Doctrines Legalism is a political philosophy that does not address higher questions pertaining to the nature and purpose of existence. It is concerned with the most effective way of governing society. The legalist tradition derives from the principle that the best way to control human behaviour is through written law rather than through ritual, custom or ethics. The two principal sources of Legalist doctrine were the Book of Lord Shang and the Han Fei-tzu. The Book of Lord Shang teaches that laws are designed to maintain the stability of the state from the people, who are innately selfish and ignorant. There is no such thing as objective goodness or virtue; it is obedience that is of paramount importance.
The Han Fei-tzu advocates a system of laws that enable the ruler to govern efficiently and even ruthlessly. Text books apart from law books are useless, and rival philosophies such as Moism and Confucianism are dismissed as "vermin". The ruler is to conduct himself with great shrewdness, keeping his ministers and family at a distance and not revealing his intentions. Strong penalties should deter people from committing crime.

History The origins of Legalist thought are unclear. Some would date it as far back as the teaching of the 7th century BCE statesman Kuan Chung (d. 645 BCE), prime minister of the state of Ch'i, whose teachings are supposed to be represented by the Kuan-tzu. Other figures associated with an early form of legalism are Shang Yang (d. 338 BCE), the putative author of The Book of Lord Shang, and Shen Pu-hai (d. 337 BCE). Shang Yang was particularly important for the development of legalism since it was he who served as governor of the state of Ch'in and strengthened it to the extent that it was able to unify China in the following century.
It was, however, Han Fei-tzu (d. 233 BCE) who systematised the various strands of Legalism in his work The Han Fei-tzu. Han Fei-tzu had been taught by the Confucianist Hsun-tzu, whose philosophy claimed that people were basically evil but could be guided towards goodness. Han Fei-tzu adopted and developed Hsun-tzu's negative pessimistic attitude towards human nature by teaching that people were so bad that they needed to be controlled by strong government and strict laws. This principle was put into practice by the Ch'in dynasty, which on unifying China in 221 BCE, destroyed the feudal system and placed the country under a single monarch. Under the Ch'in dynasty land was privatised, a uniform law code was established, and weights, measures and currency were standardised. Confucianism was severely persecuted; hundreds of Confucian scholars were killed and virtually all Confucian texts were destroyed.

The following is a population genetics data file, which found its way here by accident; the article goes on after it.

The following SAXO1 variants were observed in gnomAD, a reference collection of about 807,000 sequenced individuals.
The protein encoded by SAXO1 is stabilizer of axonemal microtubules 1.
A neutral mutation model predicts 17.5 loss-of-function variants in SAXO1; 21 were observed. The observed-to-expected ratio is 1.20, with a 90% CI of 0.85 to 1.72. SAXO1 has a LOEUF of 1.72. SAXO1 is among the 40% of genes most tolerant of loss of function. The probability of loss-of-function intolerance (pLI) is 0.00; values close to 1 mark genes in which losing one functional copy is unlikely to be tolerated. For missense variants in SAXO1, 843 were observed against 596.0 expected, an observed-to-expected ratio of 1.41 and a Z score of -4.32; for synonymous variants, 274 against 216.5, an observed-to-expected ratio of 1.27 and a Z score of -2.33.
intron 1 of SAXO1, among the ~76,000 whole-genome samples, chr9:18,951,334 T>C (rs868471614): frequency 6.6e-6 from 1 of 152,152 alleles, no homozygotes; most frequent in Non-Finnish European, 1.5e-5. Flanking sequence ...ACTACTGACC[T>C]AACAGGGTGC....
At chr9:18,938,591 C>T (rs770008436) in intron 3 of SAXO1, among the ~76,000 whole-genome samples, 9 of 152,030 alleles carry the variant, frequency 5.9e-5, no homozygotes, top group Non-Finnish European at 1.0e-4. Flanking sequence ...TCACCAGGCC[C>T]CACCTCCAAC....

The two most powerful figures in the Ch'ing dynasty were Ch'in Shih Huang Ti (d.210 BCE), the first emperor, and the prime minister, Li Ssu (d.208 BCE). The death of Li Ssu created a power vacuum which led to peasant uprisings and rebellions that broke out all over the country. In 207 BCE the Ch'in dynasty was overthrown and replaced by the Han dynasty, which favoured Confucianism. The viciousness of the Ch'in dynasty served to discredit Legalism. In spite of this legalism left its heritage in the form of a strongly centralised political system that would define Chinese government up until the present day and influence despotic Chinese rulers. When, for example, in 1973 Mao Tse Tung launched a campaign against his political opponents he identified himself with the first Ch'in emperor.

Symbols Legalism does not identify itself through the use of symbols.

Adherents Legalism has no contemporary adherents.

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